A dad took photos of his daughter as history-making women, and they are incredible.

What better way to learn about important women in history than with beautiful photos starring an adorable 5-year-old girl?

Photographer Marc Bushelle, who's also the proud father of his subject, Lily, created this photo series, called "The Heroines Project," because he both wanted to spend quality family time with his wife and daughter and teach his daughter about strong heroines in history.

"I thought this also could be a great way to build her confidence and sense of self worth," Bushelle told Upworthy. "This series was inspired by another photographer who did something similar with her daughter."


In addition to viewing his work on his website above, be sure to like his Facebook page. You don't want to miss this kind of talent!

Bushelle's wife, Janine Harper, wrote each photo description below.

Here's Lily as smart and strong leader Admiral Michelle J. Howard.

Photo of Admiral Michelle J. Howard in the public domain. Second image by Marc Bushelle/Marc Bushelle Photography.

"On July 1, 2014, Michelle J. Howard made history by becoming the first female four-star admiral in the U.S. Navy and the highest-ranking black woman in the military. She was referenced in the Tom Hanks movie 'Captain Phillips' because Admiral Howard played a role in rescuing the actual Captain Phillips from Somali pirates. She was raised in a military family in Aurora, Colorado. In 1982, Howard graduated from the U.S. Naval Academy. She earned a master's degree from Army's Command and General Staff College in 1998. Her current ranking was not the first time she made history. She was the first black woman to take command of a U.S. Navy warship in 1999, the USS Rushmore. Never shying from a challenge, Howard has vowed to make tackling sexual assault within the Navy an important issue to allow others to achieve their goals."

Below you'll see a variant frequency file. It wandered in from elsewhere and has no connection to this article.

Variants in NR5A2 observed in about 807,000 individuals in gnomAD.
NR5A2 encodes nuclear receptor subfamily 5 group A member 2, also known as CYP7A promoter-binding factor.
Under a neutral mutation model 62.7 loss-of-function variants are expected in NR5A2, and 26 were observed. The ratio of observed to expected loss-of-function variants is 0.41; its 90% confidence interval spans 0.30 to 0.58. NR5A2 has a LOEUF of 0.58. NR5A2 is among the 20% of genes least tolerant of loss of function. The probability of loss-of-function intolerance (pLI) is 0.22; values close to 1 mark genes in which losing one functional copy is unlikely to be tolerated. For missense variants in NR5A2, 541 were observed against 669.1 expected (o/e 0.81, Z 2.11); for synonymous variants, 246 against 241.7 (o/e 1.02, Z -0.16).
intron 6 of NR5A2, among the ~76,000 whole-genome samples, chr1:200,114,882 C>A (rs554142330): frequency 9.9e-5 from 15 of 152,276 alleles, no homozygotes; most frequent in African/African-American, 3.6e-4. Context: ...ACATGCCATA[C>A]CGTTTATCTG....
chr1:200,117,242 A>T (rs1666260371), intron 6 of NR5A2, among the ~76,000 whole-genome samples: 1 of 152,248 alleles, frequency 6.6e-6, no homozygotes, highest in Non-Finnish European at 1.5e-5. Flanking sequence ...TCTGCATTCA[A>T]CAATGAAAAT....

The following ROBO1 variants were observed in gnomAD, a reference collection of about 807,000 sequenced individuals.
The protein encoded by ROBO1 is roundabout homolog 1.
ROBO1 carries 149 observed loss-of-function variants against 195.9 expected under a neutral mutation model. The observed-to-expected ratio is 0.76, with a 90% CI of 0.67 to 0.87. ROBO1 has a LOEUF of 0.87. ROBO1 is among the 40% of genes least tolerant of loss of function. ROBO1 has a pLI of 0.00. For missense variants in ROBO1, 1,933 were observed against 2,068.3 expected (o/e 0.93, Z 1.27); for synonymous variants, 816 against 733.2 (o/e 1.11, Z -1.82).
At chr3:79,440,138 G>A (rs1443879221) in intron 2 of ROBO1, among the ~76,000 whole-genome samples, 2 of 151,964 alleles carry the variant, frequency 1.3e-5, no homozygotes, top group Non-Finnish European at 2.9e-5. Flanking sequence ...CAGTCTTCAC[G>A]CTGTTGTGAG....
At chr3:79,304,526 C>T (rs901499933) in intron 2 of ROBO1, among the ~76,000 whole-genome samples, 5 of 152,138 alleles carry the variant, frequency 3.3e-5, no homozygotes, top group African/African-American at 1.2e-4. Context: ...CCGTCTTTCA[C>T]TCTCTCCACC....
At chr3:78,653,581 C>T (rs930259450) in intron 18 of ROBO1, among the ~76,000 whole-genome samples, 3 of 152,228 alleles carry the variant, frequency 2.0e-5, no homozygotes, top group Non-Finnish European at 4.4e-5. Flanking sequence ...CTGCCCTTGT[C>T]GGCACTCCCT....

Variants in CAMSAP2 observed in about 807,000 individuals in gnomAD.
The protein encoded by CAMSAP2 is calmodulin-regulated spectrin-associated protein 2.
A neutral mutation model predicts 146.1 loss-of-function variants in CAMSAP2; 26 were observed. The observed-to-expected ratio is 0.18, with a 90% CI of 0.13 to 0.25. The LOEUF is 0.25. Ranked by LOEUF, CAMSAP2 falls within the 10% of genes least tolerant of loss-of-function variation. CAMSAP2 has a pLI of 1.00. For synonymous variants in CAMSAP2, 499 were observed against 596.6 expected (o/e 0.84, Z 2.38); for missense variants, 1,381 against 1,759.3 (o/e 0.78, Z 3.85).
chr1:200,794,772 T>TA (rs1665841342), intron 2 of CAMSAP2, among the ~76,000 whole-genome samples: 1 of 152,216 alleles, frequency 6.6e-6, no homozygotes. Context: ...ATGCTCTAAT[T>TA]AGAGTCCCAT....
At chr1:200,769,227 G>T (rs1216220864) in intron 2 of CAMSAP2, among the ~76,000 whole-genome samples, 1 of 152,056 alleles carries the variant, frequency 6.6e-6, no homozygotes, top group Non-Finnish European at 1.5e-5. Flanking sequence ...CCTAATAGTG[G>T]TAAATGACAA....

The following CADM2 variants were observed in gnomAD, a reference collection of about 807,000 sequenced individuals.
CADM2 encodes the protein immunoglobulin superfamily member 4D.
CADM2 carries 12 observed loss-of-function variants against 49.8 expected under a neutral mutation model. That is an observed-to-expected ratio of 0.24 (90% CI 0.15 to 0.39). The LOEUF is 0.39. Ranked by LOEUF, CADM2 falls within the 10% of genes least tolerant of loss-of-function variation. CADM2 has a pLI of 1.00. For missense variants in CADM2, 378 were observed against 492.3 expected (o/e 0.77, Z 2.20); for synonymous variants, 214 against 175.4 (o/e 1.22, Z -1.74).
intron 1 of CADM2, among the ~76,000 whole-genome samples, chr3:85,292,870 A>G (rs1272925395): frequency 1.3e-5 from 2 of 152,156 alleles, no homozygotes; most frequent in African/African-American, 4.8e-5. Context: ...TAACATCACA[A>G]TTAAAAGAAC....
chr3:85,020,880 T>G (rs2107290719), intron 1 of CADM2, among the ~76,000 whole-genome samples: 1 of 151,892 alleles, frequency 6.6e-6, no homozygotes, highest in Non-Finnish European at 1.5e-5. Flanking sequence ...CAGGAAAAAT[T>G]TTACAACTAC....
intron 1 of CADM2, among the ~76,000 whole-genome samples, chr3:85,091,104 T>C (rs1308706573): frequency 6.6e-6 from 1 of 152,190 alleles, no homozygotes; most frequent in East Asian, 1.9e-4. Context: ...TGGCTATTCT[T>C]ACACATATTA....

Here's Lily making history as Mae Jemison.

Photo of Mae Jemison in the public domain. Second image by Marc Bushelle/Marc Bushelle Photography.

"Dr. Mae Jemison was the first African-American woman to be accepted to NASA's astronaut training program. She was also the first to go into outer space aboard the Endeavor in 1992. She was a Peace Corps volunteer and was working as a doctor when she was inspired by Sally Ride to change careers."

Lily is ready to fly the skies as Bessie Coleman.

Photo of Bessie Coleman in the public domain. Second image by Marc Bushelle/Marc Bushelle Photography.

"Bessie Coleman was the first African-American to hold an international pilot license and the first African-American woman to pilot a plane in the U.S. Unable to become a pilot in the U.S., she studied French and went to Europe. When she returned, she became a sensation for her ability to do barrel rolls, wing walks, and loop-de-loop trick aviation."

These photos are inspirational and educational all in one!

When Bushelle and his wife started the photo project, they intended it for their daughter and family. However, once they realized how much of an impact the photos were having, they decided to share them.

"It really is something special when someone tells you how much this series has touched them and that their daughters and sons are being inspired, learning and envisioning them self as trailblazers too," Bushelle told Upworthy.

"Another great thing that has come from the series so far is that the same thing seems to be happening with adults too. The best thing in the world is being able to grow and learn with your kids."

The photos also reflect the importance of empowering young children through art.

"One of my favorite parts is connecting with my daughter and watching her glow when she embodies these heroines," Bushelle said. "I love when she talks about them and is so excited about what they have accomplished and compares herself to them."

But perhaps most touching of all?

Bushelle shared something with me that he hadn't yet told anyone: "I want my daughter to be proud of me. When I am not here anymore, I want her to be able to look back at these images and remember this time, smile and keep being the trailblazer that I know she will be. She is my heroine."

Terence Power / TikTok

A video of a busker in Dublin, Ireland singing "You've Got a Friend in Me" to a young boy with autism is going viral because it's just so darn adorable. The video was filmed over a year ago by Terence Power, the co-host of the popular "Talking Bollox Podcast."